Laughing at The Noodle

July 13, 2012

By Karen Peakes, >sick Mary in Women in Jep

   Laughing onstage is an interesting thing.  Sometimes it’s a safe, internal chuckle easily kept to oneself and tucked away in the back of one’s mind to share later in the safety of the dressing rooms.  Other times it’s an utterly embarrassing guffaw that comes without warning and certainly unbidden and immediately sends one into a state of panic and self-recrimination – “How could I have let that happen?!?  I’m supposed to be a professional?!”…the list goes on.

Still other times, it’s an ungodly fight to maintain one’s composure in the face of mounting hysteria.  A mere twinkle in the eye of the other actor is enough to trigger it.  The slightest lip wobble or eyebrow lift or, god forbid – vocal quivering (as in, someone trying not to laugh) – is enough to cause a full body reaction similar to the “flight or fight” response – only in this case it would better be called the “laugh or bite-your-lip-till-it-bleeds” response. 

This show, Women in Jep, just happens to create more of those moments than any other show I’ve been a part of.  I can’t remember a time I’ve laughed more in a rehearsal room – and I do mean while running scenes and trying to be a good actor.  The actors in this play are all so uniformly wonderful and talented that they make it almost impossible to keep a straight face.

Now, once rehearsals have been going on for awhile, the laughter sort of dies down between actors as we come to expect those moments that have made us crack.  We become better able to let go of wanting to laugh and just live in our characters (who of course take all of it very seriously).

So, just as we are finally feeling on top of things and confident in our lack of hysteria, the live audience shows up.  The audience – which quickly reminds us of how funny this play is and how ridiculous these characters are.  The audience – which adds the extra layer of pressure NOT to laugh – which, of course, only heightens the desire TO laugh.

Then comes a show like tonight’s.

A crowd roaring with laughter and wanting to have fun from the word go.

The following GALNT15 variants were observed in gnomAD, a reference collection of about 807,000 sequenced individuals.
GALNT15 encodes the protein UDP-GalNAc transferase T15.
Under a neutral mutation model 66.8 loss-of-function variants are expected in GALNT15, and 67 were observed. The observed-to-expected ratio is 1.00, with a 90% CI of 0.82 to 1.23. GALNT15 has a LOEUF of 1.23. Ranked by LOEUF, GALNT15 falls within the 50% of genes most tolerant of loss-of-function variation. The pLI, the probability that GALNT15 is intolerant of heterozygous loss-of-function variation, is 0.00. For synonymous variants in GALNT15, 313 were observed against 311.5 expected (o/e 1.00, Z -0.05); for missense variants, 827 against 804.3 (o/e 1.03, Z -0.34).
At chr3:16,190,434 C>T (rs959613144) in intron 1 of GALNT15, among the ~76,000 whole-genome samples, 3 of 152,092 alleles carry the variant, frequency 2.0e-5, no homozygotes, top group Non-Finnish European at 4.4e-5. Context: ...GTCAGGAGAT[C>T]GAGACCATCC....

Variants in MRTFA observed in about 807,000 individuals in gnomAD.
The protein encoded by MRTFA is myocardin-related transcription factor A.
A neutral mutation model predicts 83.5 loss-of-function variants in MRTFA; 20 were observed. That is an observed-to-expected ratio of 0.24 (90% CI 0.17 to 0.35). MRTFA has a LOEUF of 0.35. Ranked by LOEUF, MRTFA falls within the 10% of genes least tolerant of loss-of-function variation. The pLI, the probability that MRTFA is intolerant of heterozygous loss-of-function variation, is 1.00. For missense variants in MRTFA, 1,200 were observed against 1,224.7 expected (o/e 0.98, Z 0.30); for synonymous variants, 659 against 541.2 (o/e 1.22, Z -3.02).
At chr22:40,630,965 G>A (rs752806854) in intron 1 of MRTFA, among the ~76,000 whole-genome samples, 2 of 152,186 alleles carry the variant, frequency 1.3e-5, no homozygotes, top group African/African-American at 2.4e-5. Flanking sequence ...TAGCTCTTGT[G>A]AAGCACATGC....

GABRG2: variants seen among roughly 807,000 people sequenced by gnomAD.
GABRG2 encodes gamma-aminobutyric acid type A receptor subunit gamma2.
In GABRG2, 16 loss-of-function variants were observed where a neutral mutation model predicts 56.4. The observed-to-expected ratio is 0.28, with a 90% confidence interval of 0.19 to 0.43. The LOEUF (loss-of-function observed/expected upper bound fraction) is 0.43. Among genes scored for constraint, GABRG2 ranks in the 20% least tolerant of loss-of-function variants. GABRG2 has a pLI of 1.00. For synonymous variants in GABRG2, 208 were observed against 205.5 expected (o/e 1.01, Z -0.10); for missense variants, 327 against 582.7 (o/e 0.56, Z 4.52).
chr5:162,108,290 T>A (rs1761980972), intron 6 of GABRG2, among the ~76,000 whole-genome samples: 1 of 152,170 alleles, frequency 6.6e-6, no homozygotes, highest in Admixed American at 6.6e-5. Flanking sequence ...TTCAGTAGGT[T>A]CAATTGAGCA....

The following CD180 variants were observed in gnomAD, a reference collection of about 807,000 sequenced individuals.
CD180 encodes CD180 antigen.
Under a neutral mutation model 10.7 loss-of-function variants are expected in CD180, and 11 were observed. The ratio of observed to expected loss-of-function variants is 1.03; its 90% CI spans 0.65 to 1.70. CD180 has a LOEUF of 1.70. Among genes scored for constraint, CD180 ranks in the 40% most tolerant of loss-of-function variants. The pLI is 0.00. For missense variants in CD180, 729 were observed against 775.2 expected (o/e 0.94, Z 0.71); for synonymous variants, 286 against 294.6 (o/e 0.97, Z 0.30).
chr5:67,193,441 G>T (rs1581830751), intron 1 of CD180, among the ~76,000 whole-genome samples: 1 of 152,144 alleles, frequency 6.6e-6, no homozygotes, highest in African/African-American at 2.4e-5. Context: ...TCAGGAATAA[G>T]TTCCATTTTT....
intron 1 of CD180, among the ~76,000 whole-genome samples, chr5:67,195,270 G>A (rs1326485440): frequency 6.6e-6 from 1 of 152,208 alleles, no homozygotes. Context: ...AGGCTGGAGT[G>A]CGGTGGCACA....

A crowd up for anything and not afraid to let us know they’re there.

Karen (as Mary) feeds Aubie (as Trenner) The Noodle. Photo by Mark Garvin

A crowd perfectly suited for the perfect storm that was THE NOODLE.  At the top of Act two, I’m in a scene with Aubie Merrylees, who plays Trenner.  Now, the scene is already on the verge of making me break every night – not the full lip biting verge, but certainly a kind of welling up in the throat that wants to be a laugh but hasn’t quite managed to bubble up and out.  This night was no different.  Loud laughter from the audience, fueling a slight urge to smile as I look at Trenner’s hilarious face.

Then, as I was clearing the plate from the table, a large noodle fell from the fork and landed with a splat on the floor.

Now, in these moments, it’s utterly astounding how fast one’s brain is able to think of a million differing scenarios of how to rescue the noodle (or whatever prop or item that has created chaos)without it seeming to disturb too much the flow of the scene.  My brain sifted options and came up with – “leave the damn noodle, you’ll figure out how to clear it later”.  Admittedly, not my best solution, but I was feeling confident.  Then – oh then – I look up and start to speak just as Aubie, in perfect Trenner attitude and character, reaches down and cockily and obviously pops the noodle from the floor INTO HIS MOUTH.

    Needless to say the reaction from the audience and from myself was immediate and without warning.  Huge hysterical response from those who could and should respond in such a fashion.  Huge hysterical response  from me.  It was just such a perfectly executed, totally viable option for that character to pursue.  The simplicity and the outright comedy of solving the problem of the noodle by EATING it just charmed me to my core and literally took my breath away.  Fingernails went into the palms, lips drew inward as far as possible for maximum biting capacity, and breath became a kind of panting desperation.  Even with these coping mechanisms, I am afraid I have to admit to a laugh.  It was just one of those moments – completely unexpected and completely ridiculous.

All one can do in that situation is to try to lamely turn it into something your character would find funny.  So, for just a moment, Mary found Trenner utterly hilarious.

It’s moments like these, that make this job so hard – and so incredibly fun.  I’m so grateful to have been a part of this project.

Every single actor involved was such a treat to work with and laugh with (more importantly).  Wendy and our director, Ed, created an atmosphere where laughter was ok and to some degree embraced as a means of getting at the heart of this play and these characters.  No one’s gonna find the play funny if we don’t!  And, boy have we had fun!

Many thanks to all involved.  I’m gonna miss being a woman in Jep.

One Response

  1. Mark Cofta says:

    Karen, that moment was hilarious — all the more so because eating the noodle fit Trenner so perfectly. Out in the audience, a part of my mind wondered, “how will they clean that up? They can’t leave that there.” Aubie’s solution was perfect. I didn’t notice you cracking up at all; Mary’s reaction seemed sincere and sensible, since much of the Mary-Trenner relationship involves Mary finding him endearing and his attentions flattering, while she also recognizes the ridiculousness of this little boy trying to be a seductive man.
    I promised not to “review” WOMEN IN JEP, but I can’t resist saying that I enjoyed the play last night, and admired your warm, comfortable, genuine performances in what was allegedly a workshop production, but felt much more polished to me. Congrats!

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